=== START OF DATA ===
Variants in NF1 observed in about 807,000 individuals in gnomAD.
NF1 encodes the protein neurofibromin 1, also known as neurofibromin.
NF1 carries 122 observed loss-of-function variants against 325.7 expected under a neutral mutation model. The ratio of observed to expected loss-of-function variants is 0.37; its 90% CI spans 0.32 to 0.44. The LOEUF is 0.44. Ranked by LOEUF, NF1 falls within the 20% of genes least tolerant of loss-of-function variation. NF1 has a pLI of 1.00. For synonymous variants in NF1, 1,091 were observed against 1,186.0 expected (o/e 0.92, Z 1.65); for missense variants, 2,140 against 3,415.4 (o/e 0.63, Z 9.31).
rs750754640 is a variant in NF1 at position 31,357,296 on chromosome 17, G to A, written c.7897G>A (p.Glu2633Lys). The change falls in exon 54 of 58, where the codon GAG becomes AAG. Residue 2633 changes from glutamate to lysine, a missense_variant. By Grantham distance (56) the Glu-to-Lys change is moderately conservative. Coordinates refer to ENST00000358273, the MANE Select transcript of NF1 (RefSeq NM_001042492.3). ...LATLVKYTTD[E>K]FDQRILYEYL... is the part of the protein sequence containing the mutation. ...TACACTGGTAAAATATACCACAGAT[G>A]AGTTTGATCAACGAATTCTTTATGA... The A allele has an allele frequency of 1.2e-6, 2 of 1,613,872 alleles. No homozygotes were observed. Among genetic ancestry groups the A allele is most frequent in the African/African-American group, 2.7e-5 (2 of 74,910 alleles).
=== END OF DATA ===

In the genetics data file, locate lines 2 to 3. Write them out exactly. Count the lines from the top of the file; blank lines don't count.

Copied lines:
NF1 encodes the protein neurofibromin 1, also known as neurofibromin.
NF1 carries 122 observed loss-of-function variants against 325.7 expected under a neutral mutation model. The ratio of observed to expected loss-of-function variants is 0.37; its 90% CI spans 0.32 to 0.44. The LOEUF is 0.44. Ranked by LOEUF, NF1 falls within the 20% of genes least tolerant of loss-of-function variation. NF1 has a pLI of 1.00. For synonymous variants in NF1, 1,091 were observed against 1,186.0 expected (o/e 0.92, Z 1.65); for missense variants, 2,140 against 3,415.4 (o/e 0.63, Z 9.31).